In a far flung French village called Mens I had the good chance to attend an open day for a nearby eco-centre, Terre Vivante. After arriving, I wandered the quiet streets and stopped to photograph a quaint little rose garden.

“Vous aimez les roses?”, a voice called from a balcony above.

The voice was Michel, a retired postman who turned out to have a passion for restoring antique radios… and hunting truffles. Cheerily serving me “apero” upstairs, he chatted away about life in Mens. Together with our drinks came dainty little radishes sautéed in butter, straight from the potager beside his roses. I could tell there was more. He leaned in to tell me the big secrete.

Michel planted a trufferie nearby, he whispered with a sideways glance, 18 years ago. It was 12 years before his first truffle formed. That’s a long wait, Michel. Without a truffle dog, or pig, how did you hunt les truffes?

He leaned closer. In that part of France, Michel whispered, there is a very special truffle fly (Suilla pallida). It senses just when the truffles are ripe, and descends to lay its eggs. If you see the fly, you know there are truffles, Michel explained gleefully, swigging the last of his little glass of porto.

The sacred truffle fly… best not be swatting that one!

What else will we learn of dark and dreamy truffle secrets come June 26, at our Pop Up Degustation Lunch? I’ve no doubt Fervor’s  Paul “Yoda” Iskov have some truffly tricks up his sleeve.

Highlights from Girls’ Trip, helping girls connect, have fun and grow

Highlights from Girls’ Trip, helping girls connect, have fun and grow

[Girls Trip] helps encourage creativity, and a broader range of thinking for parents and daughters. It raises confidence in both as well. – Linda Russell, mother

What do you long for, for a girl you care about?  That she has confidence to speak up, and show up, in whatever way is true for her? That she discovers, expresses, and hones her special gifts? That she’ll be ‘ok’, as we live into the global ‘whole health’ crisis we’re experiencing?

On Girls’ Trip, using the fruits of five years Placemaking efforts, we brought together mentors, teachers and artists for girls as they enter that transformational time into early adolescence.

Girls Trip introduced my daughter to new ideas and positive role models. Coming together with like-minded people with … the positive intention of girls flourishing helped increase her sense of being connected, supported and cared for. – Melissa North, mother

WA artist Lori Pensini a national finalist with her “stellar violets” portrait featuring Lucinda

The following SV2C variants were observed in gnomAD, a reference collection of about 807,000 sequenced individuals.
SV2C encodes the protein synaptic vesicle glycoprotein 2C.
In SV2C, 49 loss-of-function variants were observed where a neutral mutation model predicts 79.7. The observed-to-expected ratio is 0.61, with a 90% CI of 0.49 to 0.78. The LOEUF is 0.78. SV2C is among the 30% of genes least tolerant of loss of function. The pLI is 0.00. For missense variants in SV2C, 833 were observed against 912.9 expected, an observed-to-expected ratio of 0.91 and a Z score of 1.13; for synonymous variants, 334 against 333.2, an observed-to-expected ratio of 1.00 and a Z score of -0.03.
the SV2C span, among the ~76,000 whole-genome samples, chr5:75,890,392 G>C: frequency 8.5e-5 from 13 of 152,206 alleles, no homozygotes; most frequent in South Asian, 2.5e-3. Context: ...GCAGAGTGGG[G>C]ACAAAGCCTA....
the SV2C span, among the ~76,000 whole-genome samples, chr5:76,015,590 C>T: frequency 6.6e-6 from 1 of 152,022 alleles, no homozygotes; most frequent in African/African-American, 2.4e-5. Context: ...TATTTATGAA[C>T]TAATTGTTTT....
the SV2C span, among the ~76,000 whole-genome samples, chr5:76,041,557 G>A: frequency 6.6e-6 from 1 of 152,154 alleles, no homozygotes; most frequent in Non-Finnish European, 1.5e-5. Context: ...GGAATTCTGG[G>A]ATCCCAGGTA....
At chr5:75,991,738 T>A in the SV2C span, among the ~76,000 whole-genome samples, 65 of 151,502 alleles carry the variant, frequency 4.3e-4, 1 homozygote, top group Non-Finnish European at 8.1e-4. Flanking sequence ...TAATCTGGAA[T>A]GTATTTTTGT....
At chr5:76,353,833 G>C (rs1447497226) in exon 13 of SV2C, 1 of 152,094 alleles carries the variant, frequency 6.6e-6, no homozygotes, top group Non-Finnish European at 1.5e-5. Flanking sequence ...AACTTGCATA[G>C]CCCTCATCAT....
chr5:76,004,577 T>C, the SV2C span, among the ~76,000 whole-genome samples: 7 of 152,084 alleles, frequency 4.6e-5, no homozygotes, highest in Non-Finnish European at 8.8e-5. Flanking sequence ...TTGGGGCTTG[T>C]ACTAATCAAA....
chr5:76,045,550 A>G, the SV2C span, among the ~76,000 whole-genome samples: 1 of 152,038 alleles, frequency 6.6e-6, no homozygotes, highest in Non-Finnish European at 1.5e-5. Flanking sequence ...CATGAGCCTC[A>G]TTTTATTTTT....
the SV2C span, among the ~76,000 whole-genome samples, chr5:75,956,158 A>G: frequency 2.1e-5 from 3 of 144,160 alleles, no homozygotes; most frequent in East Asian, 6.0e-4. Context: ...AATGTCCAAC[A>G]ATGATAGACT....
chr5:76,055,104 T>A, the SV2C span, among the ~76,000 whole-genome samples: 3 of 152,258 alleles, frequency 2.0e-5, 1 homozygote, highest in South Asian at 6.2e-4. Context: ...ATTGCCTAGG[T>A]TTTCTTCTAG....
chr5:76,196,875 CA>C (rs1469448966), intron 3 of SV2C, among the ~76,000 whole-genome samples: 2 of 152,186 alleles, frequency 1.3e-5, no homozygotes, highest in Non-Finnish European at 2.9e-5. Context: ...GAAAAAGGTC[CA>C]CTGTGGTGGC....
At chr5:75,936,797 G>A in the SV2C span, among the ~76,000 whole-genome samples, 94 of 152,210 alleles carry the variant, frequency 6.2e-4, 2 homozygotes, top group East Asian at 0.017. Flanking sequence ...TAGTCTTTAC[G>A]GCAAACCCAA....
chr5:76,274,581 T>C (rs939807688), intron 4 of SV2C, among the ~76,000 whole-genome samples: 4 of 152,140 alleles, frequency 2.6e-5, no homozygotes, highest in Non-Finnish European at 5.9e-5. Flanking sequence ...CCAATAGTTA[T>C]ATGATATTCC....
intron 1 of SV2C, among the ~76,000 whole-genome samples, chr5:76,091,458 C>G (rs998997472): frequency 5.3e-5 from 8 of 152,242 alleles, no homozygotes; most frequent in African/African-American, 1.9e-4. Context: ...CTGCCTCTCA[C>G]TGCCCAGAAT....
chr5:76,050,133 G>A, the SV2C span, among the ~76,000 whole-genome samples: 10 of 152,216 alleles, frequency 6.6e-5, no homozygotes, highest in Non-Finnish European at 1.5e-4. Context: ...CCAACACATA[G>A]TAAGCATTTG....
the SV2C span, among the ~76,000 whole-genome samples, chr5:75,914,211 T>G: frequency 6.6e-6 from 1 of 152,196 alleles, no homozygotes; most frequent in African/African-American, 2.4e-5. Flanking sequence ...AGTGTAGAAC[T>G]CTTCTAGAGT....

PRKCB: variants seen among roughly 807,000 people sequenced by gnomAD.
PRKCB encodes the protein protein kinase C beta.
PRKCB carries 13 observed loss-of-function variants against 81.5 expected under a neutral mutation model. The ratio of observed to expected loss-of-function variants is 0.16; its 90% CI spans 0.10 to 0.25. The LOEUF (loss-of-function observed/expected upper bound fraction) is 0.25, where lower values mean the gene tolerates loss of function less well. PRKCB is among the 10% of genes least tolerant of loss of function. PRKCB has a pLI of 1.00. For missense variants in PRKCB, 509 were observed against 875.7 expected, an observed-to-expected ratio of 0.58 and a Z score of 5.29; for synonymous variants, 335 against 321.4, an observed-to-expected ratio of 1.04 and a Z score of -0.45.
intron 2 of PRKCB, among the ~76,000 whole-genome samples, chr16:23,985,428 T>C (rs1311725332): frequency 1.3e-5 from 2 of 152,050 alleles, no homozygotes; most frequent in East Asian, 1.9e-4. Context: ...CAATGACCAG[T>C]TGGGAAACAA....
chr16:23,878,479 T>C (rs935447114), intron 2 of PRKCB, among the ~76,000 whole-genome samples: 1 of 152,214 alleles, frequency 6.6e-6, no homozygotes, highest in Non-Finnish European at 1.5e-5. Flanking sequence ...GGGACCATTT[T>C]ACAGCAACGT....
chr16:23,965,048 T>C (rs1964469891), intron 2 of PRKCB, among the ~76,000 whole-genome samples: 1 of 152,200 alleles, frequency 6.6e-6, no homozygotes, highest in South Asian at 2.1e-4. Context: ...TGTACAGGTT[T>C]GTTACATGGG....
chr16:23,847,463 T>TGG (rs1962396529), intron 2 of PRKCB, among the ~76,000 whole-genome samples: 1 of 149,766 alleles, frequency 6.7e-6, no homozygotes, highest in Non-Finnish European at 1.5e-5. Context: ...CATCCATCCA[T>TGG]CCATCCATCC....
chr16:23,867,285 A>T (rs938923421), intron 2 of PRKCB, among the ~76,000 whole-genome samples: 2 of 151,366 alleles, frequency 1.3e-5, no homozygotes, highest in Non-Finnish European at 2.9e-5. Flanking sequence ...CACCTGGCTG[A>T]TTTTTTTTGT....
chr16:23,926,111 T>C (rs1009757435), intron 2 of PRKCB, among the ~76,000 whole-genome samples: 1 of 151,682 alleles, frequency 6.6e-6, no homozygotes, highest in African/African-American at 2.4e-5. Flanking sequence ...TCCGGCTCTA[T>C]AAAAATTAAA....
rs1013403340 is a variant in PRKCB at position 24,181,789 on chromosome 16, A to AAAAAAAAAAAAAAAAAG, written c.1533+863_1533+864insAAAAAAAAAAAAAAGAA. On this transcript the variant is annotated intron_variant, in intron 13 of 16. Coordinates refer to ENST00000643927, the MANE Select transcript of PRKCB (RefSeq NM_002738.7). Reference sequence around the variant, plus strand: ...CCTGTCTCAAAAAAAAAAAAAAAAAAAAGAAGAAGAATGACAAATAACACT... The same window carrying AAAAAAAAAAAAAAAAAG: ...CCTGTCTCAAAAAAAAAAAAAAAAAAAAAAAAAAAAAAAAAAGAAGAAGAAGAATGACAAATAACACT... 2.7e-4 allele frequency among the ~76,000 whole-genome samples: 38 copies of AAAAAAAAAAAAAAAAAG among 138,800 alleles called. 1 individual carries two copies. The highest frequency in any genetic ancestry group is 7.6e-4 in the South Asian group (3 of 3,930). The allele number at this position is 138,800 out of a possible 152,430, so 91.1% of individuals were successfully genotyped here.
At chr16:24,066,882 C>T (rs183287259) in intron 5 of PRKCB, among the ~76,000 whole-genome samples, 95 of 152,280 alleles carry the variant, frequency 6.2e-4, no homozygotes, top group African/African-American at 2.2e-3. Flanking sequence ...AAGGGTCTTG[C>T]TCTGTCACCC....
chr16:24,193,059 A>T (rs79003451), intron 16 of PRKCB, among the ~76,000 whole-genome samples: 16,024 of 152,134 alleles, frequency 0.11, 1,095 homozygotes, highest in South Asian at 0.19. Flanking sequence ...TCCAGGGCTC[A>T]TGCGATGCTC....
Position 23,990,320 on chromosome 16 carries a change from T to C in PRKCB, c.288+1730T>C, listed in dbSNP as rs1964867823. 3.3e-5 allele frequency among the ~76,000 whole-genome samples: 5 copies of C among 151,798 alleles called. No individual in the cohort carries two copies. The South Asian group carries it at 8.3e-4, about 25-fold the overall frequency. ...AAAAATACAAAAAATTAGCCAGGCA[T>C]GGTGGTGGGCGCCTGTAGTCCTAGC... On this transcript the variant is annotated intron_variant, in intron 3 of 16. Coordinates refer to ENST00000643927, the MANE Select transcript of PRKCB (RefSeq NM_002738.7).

WA artist Lori Pensini a national finalist with her “stellar violets” portrait featuring Lucinda

| by Sonia Kohlbacher |

A Western Australian artist known for her breathtaking portraits of women and stunning landscape portrayals has been shorted-listed for one of the most prestigious women’s art prizes in Australia. 


Lori Pensini’s delicate portrait of Lucinda Giblett was a finalist in the Portia Geach Memorial Art Prize, often referred to as the Archibald Prize for women.

Painted in her Boyup Brook farm studio, Pensini’s piece is an intimate portrait that simultaneously reflects on both women’s ties to the land that has mothered generations of their families, and womanhood. 

“I never used to think what I did was important, until I started putting it down on canvas,” she said. 

“I haven’t always been taken seriously as an artist, and have had to repeat that what I do is not a hobby or craft. 

“It’s especially challenging for female artists because we have to wear multiple hats through life.”

Pensini is one of only three Western Australian artists who have made the final round of this year’s Portia Geach Memorial Art Prize. 

Her work, ‘stellar violets’, is heavily steeped in the memory of her mother, and offers an insight into the intricate relationship she shares with Ms Giblett, founder of the Manjimup-based Stellar Violets social enterprise. 

“When I was painting, I thought about the women we could possibly make a difference to, but it went further than that, it went back to the women who made a difference to us, to our mothers,” Pensini said. 

“I spent most of the time painting and singing old songs that my mother used to sing to me.”

One of those songs was Dolly Parton’s Coat of Many Colours. 

“In the song they were very poor, and the mother would sew patches onto her daughter’s cloak,” Pensini explained.